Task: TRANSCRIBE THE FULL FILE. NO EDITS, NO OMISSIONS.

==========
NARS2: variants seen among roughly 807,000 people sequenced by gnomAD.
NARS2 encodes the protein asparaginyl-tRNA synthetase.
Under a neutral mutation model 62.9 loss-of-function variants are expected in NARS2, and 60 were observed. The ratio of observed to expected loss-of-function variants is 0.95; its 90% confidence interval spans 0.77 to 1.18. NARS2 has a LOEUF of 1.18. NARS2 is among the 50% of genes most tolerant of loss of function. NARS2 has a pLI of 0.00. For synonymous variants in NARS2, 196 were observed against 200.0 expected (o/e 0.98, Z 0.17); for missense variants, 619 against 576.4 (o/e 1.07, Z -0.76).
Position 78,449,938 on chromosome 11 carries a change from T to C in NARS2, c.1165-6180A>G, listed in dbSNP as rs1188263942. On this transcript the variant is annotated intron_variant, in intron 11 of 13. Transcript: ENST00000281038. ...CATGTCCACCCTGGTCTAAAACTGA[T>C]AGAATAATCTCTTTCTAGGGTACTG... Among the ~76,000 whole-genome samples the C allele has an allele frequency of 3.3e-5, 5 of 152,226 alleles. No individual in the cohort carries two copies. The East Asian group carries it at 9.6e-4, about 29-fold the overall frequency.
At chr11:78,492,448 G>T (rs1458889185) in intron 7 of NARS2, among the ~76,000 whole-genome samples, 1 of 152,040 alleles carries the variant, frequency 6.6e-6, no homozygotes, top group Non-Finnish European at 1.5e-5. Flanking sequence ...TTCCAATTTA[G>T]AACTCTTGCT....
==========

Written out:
NARS2: variants seen among roughly 807,000 people sequenced by gnomAD.
NARS2 encodes the protein asparaginyl-tRNA synthetase.
Under a neutral mutation model 62.9 loss-of-function variants are expected in NARS2, and 60 were observed. The ratio of observed to expected loss-of-function variants is 0.95; its 90% confidence interval spans 0.77 to 1.18. NARS2 has a LOEUF of 1.18. NARS2 is among the 50% of genes most tolerant of loss of function. NARS2 has a pLI of 0.00. For synonymous variants in NARS2, 196 were observed against 200.0 expected (o/e 0.98, Z 0.17); for missense variants, 619 against 576.4 (o/e 1.07, Z -0.76).
Position 78,449,938 on chromosome 11 carries a change from T to C in NARS2, c.1165-6180A>G, listed in dbSNP as rs1188263942. On this transcript the variant is annotated intron_variant, in intron 11 of 13. Transcript: ENST00000281038. ...CATGTCCACCCTGGTCTAAAACTGA[T>C]AGAATAATCTCTTTCTAGGGTACTG... Among the ~76,000 whole-genome samples the C allele has an allele frequency of 3.3e-5, 5 of 152,226 alleles. No individual in the cohort carries two copies. The East Asian group carries it at 9.6e-4, about 29-fold the overall frequency.
At chr11:78,492,448 G>T (rs1458889185) in intron 7 of NARS2, among the ~76,000 whole-genome samples, 1 of 152,040 alleles carries the variant, frequency 6.6e-6, no homozygotes, top group Non-Finnish European at 1.5e-5. Flanking sequence ...TTCCAATTTA[G>T]AACTCTTGCT....